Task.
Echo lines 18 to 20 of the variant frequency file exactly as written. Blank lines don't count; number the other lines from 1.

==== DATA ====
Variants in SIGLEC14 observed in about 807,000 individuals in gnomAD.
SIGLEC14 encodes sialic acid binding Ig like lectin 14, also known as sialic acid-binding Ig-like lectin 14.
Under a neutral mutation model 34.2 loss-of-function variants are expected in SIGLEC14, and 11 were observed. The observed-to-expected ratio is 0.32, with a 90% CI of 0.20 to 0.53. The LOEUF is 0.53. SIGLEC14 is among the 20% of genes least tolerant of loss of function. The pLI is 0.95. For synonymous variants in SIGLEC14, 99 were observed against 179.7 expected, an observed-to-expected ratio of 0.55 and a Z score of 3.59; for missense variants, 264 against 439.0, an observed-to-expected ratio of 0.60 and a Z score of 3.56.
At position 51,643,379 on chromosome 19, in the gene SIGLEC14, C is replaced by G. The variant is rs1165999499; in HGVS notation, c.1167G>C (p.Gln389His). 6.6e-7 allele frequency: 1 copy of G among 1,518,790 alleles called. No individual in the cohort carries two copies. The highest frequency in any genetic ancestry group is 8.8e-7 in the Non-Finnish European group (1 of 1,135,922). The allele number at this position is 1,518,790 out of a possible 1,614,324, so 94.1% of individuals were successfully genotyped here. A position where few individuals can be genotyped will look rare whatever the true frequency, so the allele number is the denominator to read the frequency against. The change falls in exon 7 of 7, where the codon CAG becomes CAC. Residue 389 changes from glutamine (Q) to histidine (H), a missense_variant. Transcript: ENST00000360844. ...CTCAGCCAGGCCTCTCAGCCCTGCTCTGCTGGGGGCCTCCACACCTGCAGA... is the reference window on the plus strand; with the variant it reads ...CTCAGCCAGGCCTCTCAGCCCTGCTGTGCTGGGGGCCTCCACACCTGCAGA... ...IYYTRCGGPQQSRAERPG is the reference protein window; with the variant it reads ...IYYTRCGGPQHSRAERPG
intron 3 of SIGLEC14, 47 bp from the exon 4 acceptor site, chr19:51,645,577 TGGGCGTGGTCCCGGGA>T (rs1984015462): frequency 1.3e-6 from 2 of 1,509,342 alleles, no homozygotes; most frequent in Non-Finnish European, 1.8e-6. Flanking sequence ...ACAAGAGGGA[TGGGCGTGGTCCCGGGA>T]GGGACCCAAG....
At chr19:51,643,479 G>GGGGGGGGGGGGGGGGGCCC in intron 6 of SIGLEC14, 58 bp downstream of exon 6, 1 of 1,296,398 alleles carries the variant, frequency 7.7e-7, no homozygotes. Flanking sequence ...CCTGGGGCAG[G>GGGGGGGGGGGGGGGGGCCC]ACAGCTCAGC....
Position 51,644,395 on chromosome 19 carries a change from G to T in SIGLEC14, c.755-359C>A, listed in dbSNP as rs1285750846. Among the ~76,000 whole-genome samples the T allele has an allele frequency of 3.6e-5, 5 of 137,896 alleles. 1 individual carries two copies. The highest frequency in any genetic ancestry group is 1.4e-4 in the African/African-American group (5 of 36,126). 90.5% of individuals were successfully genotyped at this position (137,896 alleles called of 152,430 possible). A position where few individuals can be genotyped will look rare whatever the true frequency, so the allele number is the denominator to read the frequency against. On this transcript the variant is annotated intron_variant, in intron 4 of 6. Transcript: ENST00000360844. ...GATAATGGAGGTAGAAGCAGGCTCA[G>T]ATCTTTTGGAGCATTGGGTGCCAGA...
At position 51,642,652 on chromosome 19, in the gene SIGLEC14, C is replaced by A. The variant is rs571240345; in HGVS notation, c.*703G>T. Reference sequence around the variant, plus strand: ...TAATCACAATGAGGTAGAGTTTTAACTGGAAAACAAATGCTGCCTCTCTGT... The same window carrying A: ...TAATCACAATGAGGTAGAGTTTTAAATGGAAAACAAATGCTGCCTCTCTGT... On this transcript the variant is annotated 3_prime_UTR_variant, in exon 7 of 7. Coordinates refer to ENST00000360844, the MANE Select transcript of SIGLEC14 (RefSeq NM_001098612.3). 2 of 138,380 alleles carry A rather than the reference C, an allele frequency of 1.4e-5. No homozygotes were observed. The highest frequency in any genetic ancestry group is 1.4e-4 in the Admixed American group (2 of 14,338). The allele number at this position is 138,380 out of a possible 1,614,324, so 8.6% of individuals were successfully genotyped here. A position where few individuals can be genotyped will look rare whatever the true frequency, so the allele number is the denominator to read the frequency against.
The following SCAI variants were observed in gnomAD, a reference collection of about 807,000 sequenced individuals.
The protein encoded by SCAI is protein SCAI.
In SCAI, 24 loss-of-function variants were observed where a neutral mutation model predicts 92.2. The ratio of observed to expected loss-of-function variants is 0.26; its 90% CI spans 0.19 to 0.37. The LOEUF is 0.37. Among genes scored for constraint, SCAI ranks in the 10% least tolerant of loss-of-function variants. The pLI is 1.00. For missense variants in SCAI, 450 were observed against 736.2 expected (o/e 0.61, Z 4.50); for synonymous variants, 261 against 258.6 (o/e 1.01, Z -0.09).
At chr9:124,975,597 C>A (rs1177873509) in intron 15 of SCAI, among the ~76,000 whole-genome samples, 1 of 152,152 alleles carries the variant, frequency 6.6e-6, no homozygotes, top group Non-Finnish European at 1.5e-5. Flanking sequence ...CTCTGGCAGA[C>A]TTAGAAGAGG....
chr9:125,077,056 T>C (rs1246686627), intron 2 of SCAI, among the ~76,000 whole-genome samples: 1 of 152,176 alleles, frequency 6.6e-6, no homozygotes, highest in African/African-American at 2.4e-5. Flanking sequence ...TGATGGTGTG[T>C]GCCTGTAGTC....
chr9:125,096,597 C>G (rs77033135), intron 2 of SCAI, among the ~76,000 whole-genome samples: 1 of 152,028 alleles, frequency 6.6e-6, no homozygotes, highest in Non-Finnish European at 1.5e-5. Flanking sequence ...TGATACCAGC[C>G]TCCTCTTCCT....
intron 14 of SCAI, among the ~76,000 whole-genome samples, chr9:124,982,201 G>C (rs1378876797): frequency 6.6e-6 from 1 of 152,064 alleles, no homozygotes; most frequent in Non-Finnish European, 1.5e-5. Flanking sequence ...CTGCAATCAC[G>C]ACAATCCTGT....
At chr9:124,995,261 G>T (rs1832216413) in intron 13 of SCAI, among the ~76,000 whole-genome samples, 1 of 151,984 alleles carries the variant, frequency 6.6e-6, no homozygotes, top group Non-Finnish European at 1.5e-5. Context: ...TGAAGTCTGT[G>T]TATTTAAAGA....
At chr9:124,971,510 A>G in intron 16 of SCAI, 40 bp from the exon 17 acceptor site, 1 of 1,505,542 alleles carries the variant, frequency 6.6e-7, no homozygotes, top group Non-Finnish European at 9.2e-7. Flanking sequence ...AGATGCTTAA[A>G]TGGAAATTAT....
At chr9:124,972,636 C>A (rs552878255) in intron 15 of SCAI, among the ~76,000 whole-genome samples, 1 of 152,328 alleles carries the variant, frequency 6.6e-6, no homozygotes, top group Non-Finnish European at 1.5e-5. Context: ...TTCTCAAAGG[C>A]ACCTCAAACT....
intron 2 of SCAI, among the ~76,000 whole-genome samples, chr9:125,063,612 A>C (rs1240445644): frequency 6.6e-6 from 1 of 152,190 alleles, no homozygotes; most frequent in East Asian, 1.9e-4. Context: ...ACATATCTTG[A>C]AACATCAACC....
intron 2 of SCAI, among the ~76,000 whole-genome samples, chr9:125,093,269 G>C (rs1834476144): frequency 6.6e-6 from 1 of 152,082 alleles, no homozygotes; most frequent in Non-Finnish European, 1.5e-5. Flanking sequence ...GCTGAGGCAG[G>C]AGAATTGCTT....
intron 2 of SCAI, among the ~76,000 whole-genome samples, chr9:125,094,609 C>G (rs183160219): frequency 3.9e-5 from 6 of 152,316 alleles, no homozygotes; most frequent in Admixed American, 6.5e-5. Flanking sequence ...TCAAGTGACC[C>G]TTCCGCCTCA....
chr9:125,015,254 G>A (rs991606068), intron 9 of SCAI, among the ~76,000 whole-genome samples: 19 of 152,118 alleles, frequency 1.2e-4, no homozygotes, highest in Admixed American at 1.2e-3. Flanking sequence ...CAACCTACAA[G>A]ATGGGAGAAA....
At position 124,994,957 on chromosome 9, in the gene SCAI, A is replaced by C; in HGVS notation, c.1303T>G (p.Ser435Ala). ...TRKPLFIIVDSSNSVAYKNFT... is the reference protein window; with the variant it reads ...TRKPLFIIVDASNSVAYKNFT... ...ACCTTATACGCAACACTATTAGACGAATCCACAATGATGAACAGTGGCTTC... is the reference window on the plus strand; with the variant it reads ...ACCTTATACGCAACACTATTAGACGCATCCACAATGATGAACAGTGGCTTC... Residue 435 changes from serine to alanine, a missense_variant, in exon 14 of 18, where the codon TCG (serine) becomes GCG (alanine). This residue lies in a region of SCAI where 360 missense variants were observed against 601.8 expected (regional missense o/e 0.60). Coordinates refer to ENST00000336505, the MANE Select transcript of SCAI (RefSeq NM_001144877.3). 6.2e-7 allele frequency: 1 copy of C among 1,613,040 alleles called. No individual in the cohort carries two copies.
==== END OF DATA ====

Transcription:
At chr9:124,972,636 C>A (rs552878255) in intron 15 of SCAI, among the ~76,000 whole-genome samples, 1 of 152,328 alleles carries the variant, frequency 6.6e-6, no homozygotes, top group Non-Finnish European at 1.5e-5. Context: ...TTCTCAAAGG[C>A]ACCTCAAACT....
intron 2 of SCAI, among the ~76,000 whole-genome samples, chr9:125,063,612 A>C (rs1240445644): frequency 6.6e-6 from 1 of 152,190 alleles, no homozygotes; most frequent in East Asian, 1.9e-4. Context: ...ACATATCTTG[A>C]AACATCAACC....
intron 2 of SCAI, among the ~76,000 whole-genome samples, chr9:125,093,269 G>C (rs1834476144): frequency 6.6e-6 from 1 of 152,082 alleles, no homozygotes; most frequent in Non-Finnish European, 1.5e-5. Flanking sequence ...GCTGAGGCAG[G>C]AGAATTGCTT....